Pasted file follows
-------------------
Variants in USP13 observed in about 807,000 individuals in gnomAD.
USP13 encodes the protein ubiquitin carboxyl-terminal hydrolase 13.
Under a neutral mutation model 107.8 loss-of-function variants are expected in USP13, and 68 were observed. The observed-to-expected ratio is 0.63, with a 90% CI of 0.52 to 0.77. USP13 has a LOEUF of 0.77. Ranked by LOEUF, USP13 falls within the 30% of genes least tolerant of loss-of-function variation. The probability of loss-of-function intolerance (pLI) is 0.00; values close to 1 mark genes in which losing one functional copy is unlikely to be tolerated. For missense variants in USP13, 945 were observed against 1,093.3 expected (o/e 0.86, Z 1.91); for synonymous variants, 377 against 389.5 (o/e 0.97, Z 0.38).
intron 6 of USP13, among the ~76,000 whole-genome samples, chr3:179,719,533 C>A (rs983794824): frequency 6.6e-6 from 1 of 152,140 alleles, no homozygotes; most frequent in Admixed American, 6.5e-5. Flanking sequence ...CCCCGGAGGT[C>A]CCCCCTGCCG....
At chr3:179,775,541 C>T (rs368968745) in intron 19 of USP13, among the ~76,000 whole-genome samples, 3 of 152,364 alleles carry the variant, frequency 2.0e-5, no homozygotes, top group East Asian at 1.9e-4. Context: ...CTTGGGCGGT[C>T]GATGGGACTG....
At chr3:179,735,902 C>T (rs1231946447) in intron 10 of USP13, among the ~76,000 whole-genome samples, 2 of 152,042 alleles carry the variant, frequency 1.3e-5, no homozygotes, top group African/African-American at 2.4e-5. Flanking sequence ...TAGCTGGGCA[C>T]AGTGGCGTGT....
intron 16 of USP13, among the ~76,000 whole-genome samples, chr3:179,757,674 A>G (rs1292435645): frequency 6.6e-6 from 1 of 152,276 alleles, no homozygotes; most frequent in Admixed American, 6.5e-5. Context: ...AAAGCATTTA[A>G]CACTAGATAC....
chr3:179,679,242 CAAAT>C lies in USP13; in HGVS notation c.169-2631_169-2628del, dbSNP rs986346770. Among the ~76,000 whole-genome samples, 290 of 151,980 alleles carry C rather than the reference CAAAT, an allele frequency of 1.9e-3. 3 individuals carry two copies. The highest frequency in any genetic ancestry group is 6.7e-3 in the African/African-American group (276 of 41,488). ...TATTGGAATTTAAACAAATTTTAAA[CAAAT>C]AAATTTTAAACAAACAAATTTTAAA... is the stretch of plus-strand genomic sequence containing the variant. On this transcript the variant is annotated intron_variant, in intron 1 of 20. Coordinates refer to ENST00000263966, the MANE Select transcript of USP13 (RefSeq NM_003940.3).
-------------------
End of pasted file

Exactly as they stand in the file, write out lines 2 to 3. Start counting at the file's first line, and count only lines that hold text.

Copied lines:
USP13 encodes the protein ubiquitin carboxyl-terminal hydrolase 13.
Under a neutral mutation model 107.8 loss-of-function variants are expected in USP13, and 68 were observed. The observed-to-expected ratio is 0.63, with a 90% CI of 0.52 to 0.77. USP13 has a LOEUF of 0.77. Ranked by LOEUF, USP13 falls within the 30% of genes least tolerant of loss-of-function variation. The probability of loss-of-function intolerance (pLI) is 0.00; values close to 1 mark genes in which losing one functional copy is unlikely to be tolerated. For missense variants in USP13, 945 were observed against 1,093.3 expected (o/e 0.86, Z 1.91); for synonymous variants, 377 against 389.5 (o/e 0.97, Z 0.38).